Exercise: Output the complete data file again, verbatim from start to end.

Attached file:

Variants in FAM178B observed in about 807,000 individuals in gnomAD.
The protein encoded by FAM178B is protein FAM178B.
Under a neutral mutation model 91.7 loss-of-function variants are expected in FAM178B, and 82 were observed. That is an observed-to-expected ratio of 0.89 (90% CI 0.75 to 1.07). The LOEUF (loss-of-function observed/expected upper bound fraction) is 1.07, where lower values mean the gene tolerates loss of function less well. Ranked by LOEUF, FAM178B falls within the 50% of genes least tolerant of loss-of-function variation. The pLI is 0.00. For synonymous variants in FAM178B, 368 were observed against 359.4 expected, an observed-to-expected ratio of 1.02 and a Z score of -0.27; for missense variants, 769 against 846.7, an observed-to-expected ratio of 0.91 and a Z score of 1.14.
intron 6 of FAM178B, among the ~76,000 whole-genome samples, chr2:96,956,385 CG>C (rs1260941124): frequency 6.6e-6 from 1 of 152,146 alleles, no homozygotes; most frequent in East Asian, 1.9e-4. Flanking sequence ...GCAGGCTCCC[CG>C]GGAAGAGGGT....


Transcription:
Variants in FAM178B observed in about 807,000 individuals in gnomAD.
The protein encoded by FAM178B is protein FAM178B.
Under a neutral mutation model 91.7 loss-of-function variants are expected in FAM178B, and 82 were observed. That is an observed-to-expected ratio of 0.89 (90% CI 0.75 to 1.07). The LOEUF (loss-of-function observed/expected upper bound fraction) is 1.07, where lower values mean the gene tolerates loss of function less well. Ranked by LOEUF, FAM178B falls within the 50% of genes least tolerant of loss-of-function variation. The pLI is 0.00. For synonymous variants in FAM178B, 368 were observed against 359.4 expected, an observed-to-expected ratio of 1.02 and a Z score of -0.27; for missense variants, 769 against 846.7, an observed-to-expected ratio of 0.91 and a Z score of 1.14.
intron 6 of FAM178B, among the ~76,000 whole-genome samples, chr2:96,956,385 CG>C (rs1260941124): frequency 6.6e-6 from 1 of 152,146 alleles, no homozygotes; most frequent in East Asian, 1.9e-4. Flanking sequence ...GCAGGCTCCC[CG>C]GGAAGAGGGT....